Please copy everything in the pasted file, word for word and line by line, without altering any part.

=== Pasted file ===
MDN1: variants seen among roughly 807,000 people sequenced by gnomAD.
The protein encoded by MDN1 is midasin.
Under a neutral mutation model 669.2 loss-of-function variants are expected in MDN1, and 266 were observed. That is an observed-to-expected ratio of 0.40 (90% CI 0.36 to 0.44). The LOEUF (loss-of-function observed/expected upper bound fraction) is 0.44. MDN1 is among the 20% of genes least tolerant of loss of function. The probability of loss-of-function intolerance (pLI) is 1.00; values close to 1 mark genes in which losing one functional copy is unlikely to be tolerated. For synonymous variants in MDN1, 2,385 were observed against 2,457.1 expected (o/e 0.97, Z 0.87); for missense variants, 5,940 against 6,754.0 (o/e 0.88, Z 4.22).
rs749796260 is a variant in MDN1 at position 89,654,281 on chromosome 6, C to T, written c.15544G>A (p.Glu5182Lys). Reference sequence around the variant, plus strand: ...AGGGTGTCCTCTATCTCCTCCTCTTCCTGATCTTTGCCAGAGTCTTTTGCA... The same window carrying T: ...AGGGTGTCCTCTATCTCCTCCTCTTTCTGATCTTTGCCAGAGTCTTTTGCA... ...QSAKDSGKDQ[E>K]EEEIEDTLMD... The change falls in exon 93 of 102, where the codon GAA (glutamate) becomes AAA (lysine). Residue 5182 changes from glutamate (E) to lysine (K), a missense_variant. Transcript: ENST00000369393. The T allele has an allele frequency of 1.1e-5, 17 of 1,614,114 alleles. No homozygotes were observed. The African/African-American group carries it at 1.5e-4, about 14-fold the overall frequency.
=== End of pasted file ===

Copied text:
MDN1: variants seen among roughly 807,000 people sequenced by gnomAD.
The protein encoded by MDN1 is midasin.
Under a neutral mutation model 669.2 loss-of-function variants are expected in MDN1, and 266 were observed. That is an observed-to-expected ratio of 0.40 (90% CI 0.36 to 0.44). The LOEUF (loss-of-function observed/expected upper bound fraction) is 0.44. MDN1 is among the 20% of genes least tolerant of loss of function. The probability of loss-of-function intolerance (pLI) is 1.00; values close to 1 mark genes in which losing one functional copy is unlikely to be tolerated. For synonymous variants in MDN1, 2,385 were observed against 2,457.1 expected (o/e 0.97, Z 0.87); for missense variants, 5,940 against 6,754.0 (o/e 0.88, Z 4.22).
rs749796260 is a variant in MDN1 at position 89,654,281 on chromosome 6, C to T, written c.15544G>A (p.Glu5182Lys). Reference sequence around the variant, plus strand: ...AGGGTGTCCTCTATCTCCTCCTCTTCCTGATCTTTGCCAGAGTCTTTTGCA... The same window carrying T: ...AGGGTGTCCTCTATCTCCTCCTCTTTCTGATCTTTGCCAGAGTCTTTTGCA... ...QSAKDSGKDQ[E>K]EEEIEDTLMD... The change falls in exon 93 of 102, where the codon GAA (glutamate) becomes AAA (lysine). Residue 5182 changes from glutamate (E) to lysine (K), a missense_variant. Transcript: ENST00000369393. The T allele has an allele frequency of 1.1e-5, 17 of 1,614,114 alleles. No homozygotes were observed. The African/African-American group carries it at 1.5e-4, about 14-fold the overall frequency.